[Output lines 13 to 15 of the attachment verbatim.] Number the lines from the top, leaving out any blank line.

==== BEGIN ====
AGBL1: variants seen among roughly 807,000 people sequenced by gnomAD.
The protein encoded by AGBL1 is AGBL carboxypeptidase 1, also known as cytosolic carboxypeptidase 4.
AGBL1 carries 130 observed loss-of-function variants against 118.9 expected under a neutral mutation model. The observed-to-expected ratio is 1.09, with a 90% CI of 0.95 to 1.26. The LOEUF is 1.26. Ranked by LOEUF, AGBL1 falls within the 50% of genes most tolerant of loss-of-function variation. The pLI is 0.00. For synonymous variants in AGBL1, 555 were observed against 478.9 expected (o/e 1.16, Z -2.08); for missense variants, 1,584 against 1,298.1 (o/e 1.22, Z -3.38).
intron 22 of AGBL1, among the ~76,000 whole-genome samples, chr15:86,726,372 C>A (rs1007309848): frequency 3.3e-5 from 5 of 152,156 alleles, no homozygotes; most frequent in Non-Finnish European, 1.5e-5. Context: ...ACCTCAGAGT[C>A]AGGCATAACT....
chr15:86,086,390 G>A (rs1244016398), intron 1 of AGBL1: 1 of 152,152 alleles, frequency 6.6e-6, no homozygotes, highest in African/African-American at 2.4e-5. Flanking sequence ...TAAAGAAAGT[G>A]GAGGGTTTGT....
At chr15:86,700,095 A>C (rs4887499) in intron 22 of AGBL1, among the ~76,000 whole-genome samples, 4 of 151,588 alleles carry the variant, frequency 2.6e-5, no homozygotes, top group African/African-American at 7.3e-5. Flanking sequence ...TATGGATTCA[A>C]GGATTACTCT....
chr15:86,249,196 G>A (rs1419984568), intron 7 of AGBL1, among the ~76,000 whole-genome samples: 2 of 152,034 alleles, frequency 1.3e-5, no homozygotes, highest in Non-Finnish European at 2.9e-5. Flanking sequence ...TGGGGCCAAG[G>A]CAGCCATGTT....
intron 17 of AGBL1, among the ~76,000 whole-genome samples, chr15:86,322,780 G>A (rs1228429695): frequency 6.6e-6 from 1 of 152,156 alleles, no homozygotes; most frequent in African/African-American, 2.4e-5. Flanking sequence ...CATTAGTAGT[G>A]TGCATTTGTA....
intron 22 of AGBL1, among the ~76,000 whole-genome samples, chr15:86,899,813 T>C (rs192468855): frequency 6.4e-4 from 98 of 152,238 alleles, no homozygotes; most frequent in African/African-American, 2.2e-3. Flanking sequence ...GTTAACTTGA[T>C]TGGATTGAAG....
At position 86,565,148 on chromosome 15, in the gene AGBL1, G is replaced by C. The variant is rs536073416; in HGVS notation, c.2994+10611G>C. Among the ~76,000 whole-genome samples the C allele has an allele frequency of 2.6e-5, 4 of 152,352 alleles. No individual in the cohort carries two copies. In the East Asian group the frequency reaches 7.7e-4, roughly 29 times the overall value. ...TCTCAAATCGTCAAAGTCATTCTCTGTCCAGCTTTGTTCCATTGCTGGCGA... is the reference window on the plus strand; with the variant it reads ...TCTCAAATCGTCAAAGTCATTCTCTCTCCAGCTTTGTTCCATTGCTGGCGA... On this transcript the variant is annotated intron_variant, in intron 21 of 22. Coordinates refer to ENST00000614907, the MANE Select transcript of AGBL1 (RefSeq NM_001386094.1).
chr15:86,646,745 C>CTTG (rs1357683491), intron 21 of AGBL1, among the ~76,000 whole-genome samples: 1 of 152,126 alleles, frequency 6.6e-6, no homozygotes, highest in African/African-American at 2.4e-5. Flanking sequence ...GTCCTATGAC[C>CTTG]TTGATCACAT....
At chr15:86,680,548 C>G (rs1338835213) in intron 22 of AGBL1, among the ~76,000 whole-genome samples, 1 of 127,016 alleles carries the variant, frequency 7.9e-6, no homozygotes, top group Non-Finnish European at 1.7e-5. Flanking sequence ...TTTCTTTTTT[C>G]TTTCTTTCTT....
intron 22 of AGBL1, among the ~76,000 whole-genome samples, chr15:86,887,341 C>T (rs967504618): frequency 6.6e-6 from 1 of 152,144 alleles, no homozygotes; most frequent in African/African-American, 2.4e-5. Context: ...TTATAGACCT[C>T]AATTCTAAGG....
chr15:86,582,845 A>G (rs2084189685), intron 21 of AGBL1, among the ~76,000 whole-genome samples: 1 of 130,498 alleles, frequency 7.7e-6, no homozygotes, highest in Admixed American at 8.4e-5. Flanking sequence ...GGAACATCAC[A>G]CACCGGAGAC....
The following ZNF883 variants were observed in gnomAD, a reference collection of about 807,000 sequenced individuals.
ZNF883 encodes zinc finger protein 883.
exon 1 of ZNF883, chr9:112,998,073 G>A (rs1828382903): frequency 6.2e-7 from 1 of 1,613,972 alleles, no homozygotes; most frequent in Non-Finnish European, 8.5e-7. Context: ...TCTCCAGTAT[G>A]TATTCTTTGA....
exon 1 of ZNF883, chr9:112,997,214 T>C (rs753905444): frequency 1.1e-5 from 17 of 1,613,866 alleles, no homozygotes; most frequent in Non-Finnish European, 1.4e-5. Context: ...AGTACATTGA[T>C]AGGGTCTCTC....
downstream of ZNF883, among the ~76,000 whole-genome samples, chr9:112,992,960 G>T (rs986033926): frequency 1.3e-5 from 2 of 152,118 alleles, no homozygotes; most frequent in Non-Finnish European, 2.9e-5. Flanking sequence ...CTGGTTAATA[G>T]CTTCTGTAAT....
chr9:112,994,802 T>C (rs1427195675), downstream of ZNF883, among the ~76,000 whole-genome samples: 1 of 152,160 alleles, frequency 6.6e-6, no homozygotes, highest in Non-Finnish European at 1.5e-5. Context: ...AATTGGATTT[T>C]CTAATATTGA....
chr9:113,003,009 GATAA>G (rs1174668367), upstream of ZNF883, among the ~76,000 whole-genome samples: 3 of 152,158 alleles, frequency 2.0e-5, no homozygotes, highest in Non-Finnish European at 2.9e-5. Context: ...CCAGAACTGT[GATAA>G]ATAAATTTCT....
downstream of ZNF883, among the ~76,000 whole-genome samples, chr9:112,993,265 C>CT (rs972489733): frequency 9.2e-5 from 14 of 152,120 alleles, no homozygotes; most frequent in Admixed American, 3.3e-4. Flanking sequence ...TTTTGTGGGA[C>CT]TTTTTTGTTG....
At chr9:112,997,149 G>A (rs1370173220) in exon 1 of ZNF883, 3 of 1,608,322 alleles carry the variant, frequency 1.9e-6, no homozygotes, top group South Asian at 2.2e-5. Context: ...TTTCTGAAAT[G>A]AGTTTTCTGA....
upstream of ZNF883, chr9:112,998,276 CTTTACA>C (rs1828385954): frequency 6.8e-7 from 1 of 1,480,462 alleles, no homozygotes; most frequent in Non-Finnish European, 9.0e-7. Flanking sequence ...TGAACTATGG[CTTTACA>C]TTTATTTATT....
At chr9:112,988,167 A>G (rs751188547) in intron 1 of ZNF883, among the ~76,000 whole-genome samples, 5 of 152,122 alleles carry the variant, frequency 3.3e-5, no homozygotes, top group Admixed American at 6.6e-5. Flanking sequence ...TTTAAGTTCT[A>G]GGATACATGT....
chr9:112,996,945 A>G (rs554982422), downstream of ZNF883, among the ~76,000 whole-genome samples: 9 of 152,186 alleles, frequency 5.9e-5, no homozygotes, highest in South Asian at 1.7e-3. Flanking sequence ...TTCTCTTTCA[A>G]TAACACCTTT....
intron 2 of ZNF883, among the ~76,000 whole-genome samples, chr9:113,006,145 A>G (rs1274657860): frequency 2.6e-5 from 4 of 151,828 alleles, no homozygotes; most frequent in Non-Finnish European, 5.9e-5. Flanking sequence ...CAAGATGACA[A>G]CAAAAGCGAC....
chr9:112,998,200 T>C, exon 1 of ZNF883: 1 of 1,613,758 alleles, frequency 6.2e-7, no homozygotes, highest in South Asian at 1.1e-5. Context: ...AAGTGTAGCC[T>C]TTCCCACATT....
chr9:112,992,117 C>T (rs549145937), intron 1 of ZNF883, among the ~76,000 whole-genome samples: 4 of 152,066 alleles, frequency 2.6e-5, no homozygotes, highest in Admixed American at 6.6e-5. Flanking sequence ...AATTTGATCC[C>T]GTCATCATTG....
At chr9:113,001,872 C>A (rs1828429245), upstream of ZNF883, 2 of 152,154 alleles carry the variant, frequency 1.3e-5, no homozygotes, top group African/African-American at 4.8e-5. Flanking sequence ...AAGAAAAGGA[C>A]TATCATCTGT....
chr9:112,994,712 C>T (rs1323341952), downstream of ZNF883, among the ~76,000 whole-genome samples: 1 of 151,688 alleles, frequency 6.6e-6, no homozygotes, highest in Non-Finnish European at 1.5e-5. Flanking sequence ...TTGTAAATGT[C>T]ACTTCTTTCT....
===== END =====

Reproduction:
intron 22 of AGBL1, among the ~76,000 whole-genome samples, chr15:86,887,341 C>T (rs967504618): frequency 6.6e-6 from 1 of 152,144 alleles, no homozygotes; most frequent in African/African-American, 2.4e-5. Context: ...TTATAGACCT[C>T]AATTCTAAGG....
chr15:86,582,845 A>G (rs2084189685), intron 21 of AGBL1, among the ~76,000 whole-genome samples: 1 of 130,498 alleles, frequency 7.7e-6, no homozygotes, highest in Admixed American at 8.4e-5. Flanking sequence ...GGAACATCAC[A>G]CACCGGAGAC....
The following ZNF883 variants were observed in gnomAD, a reference collection of about 807,000 sequenced individuals.